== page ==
Bob Kressig survived a tough challenge in 2010 by about 500 votes and was re-elected by more than 2,000 votes last year. Obama did well in House district 59 (56.29 percent), but Cedar Falls tends to have competitive statehouse races, so I’m not ready to put Kressig in the “safe” category. Still, he should be able to beat whomever the GOP throws at him. The Braley campiagn will be trying to maximize turnout in the Waterloo/Cedar Falls area.
Curt Hanson won a hard-fought special election in 2009, then defeated the same Republican by more than 1,000 votes in the very challenging environment of November 2010. This well-liked former driver’s ed instructor easily won another term last year, despite Obama’s narrow margin in his district. I am not aware of any Republican running against Hanson yet. Whoever challenges him will be an underdog. One more thing: Democrats will invest substantial resources in GOTV here because House district 82 is half of Senate district 41, a Republican-held seat high on the target list.
To sum up: if all of the “safe” and “favored” seats remain with the incumbent’s party, Republicans would hold 47 Iowa House districts and Democrats 40. Consequently, the remaining thirteen districts will likely determine control of the Iowa House in 2015 and 2016.
Republican-held seats that will likely be targeted (6)
House district 7: Tedd Gassman
House district 58: Brian Moore
House district 72: Dean Fisher
House district 73: Bobby Kaufmann
House district 91: open (Mark Lofgren is running for Congress in IA-02)
House district 95: Quentin Stanerson
House district 91 is the only open seat on this list and also happens to be the Republican-held Iowa House seat where Obama got the highest share of the vote: 57.61 percent. Two Republicans are set to duke it out in the primary: Mark LeRette and Emily Lofgren, a daughter of the retiring incumbent. The 2012 Democratic nominee, John Dabeet, is ready to try again. I wouldn’t be surprised to see another Democrat compete in the primary. Neither party has a voter registration advantage in House district 91.
Maybe I should have put first-term incumbent Tedd Gassman on the “favored” list, because Republicans outnumber Democrats in his district, and Romney won 51.82 percent of the vote here. But the dude is weird (who talks about their teenage granddaughter like that?), and he won by fewer than 50 votes in 2012. I hope Democrats can recruit a strong candidate in House district 7. Maybe former State Representative John Wittneben will take another shot.
Two-term State Representative Brian Moore is a survivor. He first ran for the legislature as a Democrat, but lost an Iowa Senate primary in 2010. Republicans then recruited him to represent their party in a House district where they didn’t have a challenger, and he won narrowly in 2010. Although Democrats have a very large voter registration advantage in House district 58, and Obama won more than 55 percent of the vote here, Moore survived a comeback effort by the former Democratic incumbent. I hope some hard-working candidate will take on this challenge. Moore has occasionally crossed party lines; for instance, he sided with Democrats on votes related to Medicaid expansion.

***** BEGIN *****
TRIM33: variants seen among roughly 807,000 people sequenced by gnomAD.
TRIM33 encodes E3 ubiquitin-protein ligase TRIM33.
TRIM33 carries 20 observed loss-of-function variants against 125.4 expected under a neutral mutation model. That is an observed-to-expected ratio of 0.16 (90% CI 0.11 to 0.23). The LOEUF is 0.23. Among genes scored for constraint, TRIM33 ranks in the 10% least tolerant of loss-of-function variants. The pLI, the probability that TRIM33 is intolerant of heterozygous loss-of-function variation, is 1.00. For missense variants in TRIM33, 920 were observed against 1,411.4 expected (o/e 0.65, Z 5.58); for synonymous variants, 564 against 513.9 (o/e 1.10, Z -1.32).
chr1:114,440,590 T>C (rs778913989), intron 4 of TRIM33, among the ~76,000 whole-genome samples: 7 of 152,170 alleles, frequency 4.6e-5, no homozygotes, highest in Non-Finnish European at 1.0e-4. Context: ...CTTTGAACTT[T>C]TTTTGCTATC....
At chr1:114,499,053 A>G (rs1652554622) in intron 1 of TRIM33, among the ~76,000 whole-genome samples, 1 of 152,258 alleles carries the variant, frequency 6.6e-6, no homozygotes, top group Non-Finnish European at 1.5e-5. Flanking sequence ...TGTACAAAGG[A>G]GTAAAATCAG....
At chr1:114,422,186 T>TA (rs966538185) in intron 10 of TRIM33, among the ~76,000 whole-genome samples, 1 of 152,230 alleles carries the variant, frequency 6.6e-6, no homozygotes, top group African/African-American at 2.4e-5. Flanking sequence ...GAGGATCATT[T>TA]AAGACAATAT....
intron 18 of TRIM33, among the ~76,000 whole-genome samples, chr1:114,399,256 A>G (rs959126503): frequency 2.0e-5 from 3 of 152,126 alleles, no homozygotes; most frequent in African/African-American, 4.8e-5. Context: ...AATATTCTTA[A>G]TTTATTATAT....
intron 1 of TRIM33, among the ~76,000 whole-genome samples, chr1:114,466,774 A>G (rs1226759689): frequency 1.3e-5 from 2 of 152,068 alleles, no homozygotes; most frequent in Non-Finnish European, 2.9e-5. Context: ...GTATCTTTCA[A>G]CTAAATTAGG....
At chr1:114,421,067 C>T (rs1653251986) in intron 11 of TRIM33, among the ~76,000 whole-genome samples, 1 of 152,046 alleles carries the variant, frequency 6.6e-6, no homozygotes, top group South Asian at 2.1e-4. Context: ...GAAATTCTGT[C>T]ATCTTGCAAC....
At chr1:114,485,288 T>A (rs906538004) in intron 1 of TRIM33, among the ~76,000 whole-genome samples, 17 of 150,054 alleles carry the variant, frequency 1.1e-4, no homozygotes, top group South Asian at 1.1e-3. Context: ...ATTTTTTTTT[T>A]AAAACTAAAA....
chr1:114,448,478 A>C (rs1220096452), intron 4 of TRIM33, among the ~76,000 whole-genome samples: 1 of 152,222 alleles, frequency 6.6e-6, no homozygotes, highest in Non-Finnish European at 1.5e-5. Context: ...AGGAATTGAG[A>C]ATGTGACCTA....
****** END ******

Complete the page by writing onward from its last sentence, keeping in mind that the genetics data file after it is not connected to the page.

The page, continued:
First-term incumbent Dean Fisher won an open-seat race by 216 votes last year. If only Iowa Democrats had spent a little money here! Obama won just under 51 percent of the vote in House district 72.
First-term incumbent Bobby Kaufmann will not be easy to beat, having won an open-seat race by more than 2,000 votes in a district where Obama won more than 54 percent of the vote. Democratic performance suffered in House district 73 because of an acrimonious primary. The candidate who lost that primary, David Johnson, is already actively campaigning against Kaufmann. Voter registration numbers slightly favor Democrats.
Finally, first-term incumbent Quentin Stanerson defeated Kristin Keast by just 200 votes–another missed opportunity for Democrats in a district Obama carried. House district 95 should go on the target list. UPDATE: Keast announced on July 23 that she will run in this district again in 2014.
Democratic-held seats that will likely be targeted (7)
House district 26: Scott Ourth
House district 30: Joe Riding
House district 40: John Forbes
House district 55: Roger Thomas
House district 56: Patti Ruff
House district 68: Daniel Lundby
House district 92: Frank Wood
Roger Thomas is the odd one out here, having served in the Iowa House since 1996. Although Obama won his district with more than 55 percent of the vote, Thomas barely defeated Republican challenger Michael Klimesh by 196 votes. I expect the GOP to make a real effort in House district 55.
Everyone else in this group is a first-term incumbent. Obama carried the districts represented by Scott Ourth, Patti Ruff, Daniel Lundby, and Frank Wood. Romney narrowly won the districts represented by Joe Riding and John Forbes. Ruff, Lundby, and Wood defeated GOP incumbents, while Ourth, Riding, and Forbes won open-seat races. To my knowledge, only Lundby has a declared challenger already (Ken Rizer). I expect Republicans to invest resources in all of these districts.
Thomas, Ruff, Lundby, and Wood all represent districts that are now or have previously been part of IA-01, so the Braley campaign will need strong Democratic turnout there.
Any comments about the 2014 Iowa House races are welcome in this thread. I will revisit this analysis after more challengers announce in the House districts.